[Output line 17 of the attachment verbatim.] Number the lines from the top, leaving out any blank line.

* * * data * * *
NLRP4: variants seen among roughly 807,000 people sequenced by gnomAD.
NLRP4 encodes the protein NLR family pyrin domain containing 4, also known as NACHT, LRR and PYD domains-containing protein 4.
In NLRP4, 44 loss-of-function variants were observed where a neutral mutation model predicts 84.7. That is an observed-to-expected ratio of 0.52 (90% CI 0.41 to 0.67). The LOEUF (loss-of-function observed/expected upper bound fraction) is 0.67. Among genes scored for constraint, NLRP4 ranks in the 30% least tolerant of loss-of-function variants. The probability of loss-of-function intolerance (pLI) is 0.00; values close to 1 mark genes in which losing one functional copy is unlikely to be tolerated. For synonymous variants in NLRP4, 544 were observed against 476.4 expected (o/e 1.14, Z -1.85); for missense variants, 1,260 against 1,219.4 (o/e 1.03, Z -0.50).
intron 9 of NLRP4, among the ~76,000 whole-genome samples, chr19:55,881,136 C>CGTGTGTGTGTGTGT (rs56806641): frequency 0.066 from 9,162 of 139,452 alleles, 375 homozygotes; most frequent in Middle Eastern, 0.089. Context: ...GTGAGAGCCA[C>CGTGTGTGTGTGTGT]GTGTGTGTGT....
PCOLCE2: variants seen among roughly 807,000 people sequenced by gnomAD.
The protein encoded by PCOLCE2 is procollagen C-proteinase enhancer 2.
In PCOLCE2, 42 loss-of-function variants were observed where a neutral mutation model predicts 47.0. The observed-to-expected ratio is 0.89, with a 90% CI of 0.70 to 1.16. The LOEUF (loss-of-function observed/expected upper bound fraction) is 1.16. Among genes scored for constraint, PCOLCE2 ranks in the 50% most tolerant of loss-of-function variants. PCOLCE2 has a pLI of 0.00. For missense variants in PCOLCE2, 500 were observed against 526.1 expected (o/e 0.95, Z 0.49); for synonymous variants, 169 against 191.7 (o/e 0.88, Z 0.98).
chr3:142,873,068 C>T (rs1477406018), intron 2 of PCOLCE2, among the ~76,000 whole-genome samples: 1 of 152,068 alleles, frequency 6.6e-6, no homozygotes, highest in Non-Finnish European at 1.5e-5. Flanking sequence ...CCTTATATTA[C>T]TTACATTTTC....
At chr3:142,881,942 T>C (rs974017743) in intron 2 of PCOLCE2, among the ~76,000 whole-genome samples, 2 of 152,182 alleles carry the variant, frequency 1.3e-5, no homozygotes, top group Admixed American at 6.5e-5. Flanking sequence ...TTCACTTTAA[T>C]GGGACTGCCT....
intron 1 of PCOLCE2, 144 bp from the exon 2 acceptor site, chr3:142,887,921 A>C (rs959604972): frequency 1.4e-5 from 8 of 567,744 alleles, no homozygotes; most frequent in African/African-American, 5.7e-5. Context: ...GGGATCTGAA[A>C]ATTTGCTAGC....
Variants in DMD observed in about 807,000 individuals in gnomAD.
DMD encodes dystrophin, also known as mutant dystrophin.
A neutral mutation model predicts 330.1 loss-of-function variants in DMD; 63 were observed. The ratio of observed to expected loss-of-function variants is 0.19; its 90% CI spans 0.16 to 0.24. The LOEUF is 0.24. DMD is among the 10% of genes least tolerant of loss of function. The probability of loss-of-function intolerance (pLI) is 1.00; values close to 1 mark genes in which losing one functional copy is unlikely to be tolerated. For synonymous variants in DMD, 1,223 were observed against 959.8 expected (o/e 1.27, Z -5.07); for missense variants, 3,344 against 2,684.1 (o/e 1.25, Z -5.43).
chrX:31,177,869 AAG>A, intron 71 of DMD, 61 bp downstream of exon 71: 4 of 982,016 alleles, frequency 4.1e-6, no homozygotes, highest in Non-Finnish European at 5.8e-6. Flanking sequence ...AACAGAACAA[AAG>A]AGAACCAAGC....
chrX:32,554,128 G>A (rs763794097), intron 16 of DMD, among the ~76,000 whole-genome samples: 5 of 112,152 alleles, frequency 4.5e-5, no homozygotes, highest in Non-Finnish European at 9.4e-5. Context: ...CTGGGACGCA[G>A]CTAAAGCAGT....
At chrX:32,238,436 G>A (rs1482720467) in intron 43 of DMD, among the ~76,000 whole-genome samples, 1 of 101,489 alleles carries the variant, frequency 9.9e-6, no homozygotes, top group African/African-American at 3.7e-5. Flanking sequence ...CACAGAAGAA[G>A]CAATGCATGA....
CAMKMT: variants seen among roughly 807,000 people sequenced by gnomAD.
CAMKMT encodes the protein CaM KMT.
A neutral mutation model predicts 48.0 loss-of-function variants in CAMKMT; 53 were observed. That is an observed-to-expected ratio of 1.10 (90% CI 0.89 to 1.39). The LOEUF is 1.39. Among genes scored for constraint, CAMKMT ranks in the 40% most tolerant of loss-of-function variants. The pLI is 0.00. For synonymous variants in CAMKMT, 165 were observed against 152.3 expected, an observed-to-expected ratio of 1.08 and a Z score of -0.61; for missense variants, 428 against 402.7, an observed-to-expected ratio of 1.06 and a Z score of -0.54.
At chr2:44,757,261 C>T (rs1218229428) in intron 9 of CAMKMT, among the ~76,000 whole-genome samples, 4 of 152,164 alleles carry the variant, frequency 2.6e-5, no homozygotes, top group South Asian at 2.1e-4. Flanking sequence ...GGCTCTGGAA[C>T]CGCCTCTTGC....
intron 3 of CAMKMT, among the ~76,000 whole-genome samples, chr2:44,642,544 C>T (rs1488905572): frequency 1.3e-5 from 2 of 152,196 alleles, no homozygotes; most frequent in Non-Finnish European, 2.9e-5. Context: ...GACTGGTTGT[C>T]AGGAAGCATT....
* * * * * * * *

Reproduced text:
CAMKMT: variants seen among roughly 807,000 people sequenced by gnomAD.